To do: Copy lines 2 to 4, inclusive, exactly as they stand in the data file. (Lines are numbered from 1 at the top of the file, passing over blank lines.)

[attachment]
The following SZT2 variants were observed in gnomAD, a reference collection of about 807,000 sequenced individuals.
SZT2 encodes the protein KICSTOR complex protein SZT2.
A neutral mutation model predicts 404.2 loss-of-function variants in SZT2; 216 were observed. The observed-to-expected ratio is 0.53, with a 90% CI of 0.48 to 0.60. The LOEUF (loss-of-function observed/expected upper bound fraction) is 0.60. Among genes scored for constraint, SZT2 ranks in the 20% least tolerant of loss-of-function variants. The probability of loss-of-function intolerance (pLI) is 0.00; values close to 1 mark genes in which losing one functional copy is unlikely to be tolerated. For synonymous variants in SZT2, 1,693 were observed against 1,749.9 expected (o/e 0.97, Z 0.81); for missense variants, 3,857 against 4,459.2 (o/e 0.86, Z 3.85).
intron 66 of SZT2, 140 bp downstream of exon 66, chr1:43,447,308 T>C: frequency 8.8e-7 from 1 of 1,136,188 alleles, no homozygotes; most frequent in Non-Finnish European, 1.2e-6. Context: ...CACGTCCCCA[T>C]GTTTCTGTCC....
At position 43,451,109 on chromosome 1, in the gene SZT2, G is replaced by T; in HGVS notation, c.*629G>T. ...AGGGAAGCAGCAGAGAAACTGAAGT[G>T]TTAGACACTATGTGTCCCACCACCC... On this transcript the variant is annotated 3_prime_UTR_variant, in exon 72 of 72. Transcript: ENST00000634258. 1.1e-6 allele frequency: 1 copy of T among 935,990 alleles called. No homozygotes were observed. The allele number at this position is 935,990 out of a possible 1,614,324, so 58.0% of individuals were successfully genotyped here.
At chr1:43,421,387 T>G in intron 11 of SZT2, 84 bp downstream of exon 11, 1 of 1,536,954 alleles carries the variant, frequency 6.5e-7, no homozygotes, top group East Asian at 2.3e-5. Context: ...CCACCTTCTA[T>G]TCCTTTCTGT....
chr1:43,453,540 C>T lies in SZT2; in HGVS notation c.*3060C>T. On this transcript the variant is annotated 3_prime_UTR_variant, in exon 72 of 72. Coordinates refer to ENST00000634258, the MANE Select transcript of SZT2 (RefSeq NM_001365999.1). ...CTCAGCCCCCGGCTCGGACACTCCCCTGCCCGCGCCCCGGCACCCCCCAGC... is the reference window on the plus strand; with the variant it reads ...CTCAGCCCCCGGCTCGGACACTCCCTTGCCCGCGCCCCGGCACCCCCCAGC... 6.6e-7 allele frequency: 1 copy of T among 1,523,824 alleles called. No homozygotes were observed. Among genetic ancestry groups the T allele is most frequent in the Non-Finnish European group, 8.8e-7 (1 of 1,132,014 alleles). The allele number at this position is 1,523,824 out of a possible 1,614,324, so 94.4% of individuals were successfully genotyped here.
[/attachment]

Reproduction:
SZT2 encodes the protein KICSTOR complex protein SZT2.
A neutral mutation model predicts 404.2 loss-of-function variants in SZT2; 216 were observed. The observed-to-expected ratio is 0.53, with a 90% CI of 0.48 to 0.60. The LOEUF (loss-of-function observed/expected upper bound fraction) is 0.60. Among genes scored for constraint, SZT2 ranks in the 20% least tolerant of loss-of-function variants. The probability of loss-of-function intolerance (pLI) is 0.00; values close to 1 mark genes in which losing one functional copy is unlikely to be tolerated. For synonymous variants in SZT2, 1,693 were observed against 1,749.9 expected (o/e 0.97, Z 0.81); for missense variants, 3,857 against 4,459.2 (o/e 0.86, Z 3.85).
intron 66 of SZT2, 140 bp downstream of exon 66, chr1:43,447,308 T>C: frequency 8.8e-7 from 1 of 1,136,188 alleles, no homozygotes; most frequent in Non-Finnish European, 1.2e-6. Context: ...CACGTCCCCA[T>C]GTTTCTGTCC....